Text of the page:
It’s one more psycho killer thriller movie and this time we have the quintessential solo kidnapper snatcher Liam Neeson doing the leading character. A walk among the tombstones is that slow thriller with fair amount of freshness and a treatment that has shown violence in an atrocious way.
The story is about Matthew Scudder, who is a retired cop. He was an alcoholic who is still living with the guilt of something he did in the past. A drug dealer Kenny approaches him for a private help to find out the two persons who killed his wife and the movie tells us about this private investigation by Matthew to find out the psycho bastard.
The level of brutality is something that will grab your attention from the beginning of the movie itself. The way they have pictured all those gun shots, suicides and a few more similar things can really shake you. And also there are some characters in the film that are unique, especially TJ played by Brian “Astro” Bradley. The association of Matt and TJ had a smooth build up.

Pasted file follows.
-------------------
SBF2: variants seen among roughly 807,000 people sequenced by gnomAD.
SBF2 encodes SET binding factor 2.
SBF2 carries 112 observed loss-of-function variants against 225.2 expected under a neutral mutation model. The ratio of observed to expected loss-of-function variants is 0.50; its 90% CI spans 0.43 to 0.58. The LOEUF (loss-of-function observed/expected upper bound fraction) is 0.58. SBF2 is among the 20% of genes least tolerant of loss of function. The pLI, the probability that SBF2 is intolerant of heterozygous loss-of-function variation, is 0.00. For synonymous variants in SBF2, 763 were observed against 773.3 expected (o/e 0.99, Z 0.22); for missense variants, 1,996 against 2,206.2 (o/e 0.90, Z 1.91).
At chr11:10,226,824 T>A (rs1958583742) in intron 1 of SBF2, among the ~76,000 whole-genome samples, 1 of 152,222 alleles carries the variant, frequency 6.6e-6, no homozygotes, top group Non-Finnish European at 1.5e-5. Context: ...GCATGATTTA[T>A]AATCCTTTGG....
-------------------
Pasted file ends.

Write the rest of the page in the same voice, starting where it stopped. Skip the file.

As I said, Scott Frank has kept the movie in its brutal best without making it look vulgar. But watching a moody Liam Neeson doing almost the same kind of role again will not generate any interest in you. The investigation is slow and curiosity generating. There is a parallel personal mental conflict of Matthew happening in the film which I believe didn’t get that much of a relevance in the screenplay. It’s true that you can’t spend another half an hour for that. But when that girl reads the 12 points towards the end, the feeling required was missing. Cinematography was good, edits were crisp.
On screen Liam Neeson repeats himself and I think he should get some honorary title from the US Cops for doing these investigations. Dan Stevens was good as Kenny Kristo. David Harbour did justice to his psycho villain character. Loved the performance of Brian Bradley as TJ.
Overall, A Walk Among the Tombstones is a watchable thriller that looks real at many points. My rating for this Liam Neeson psycho chase is 3/5.
Green: Recommended Film
Orange: Okay, Watchable, Experimental Films
Red: Not Recommended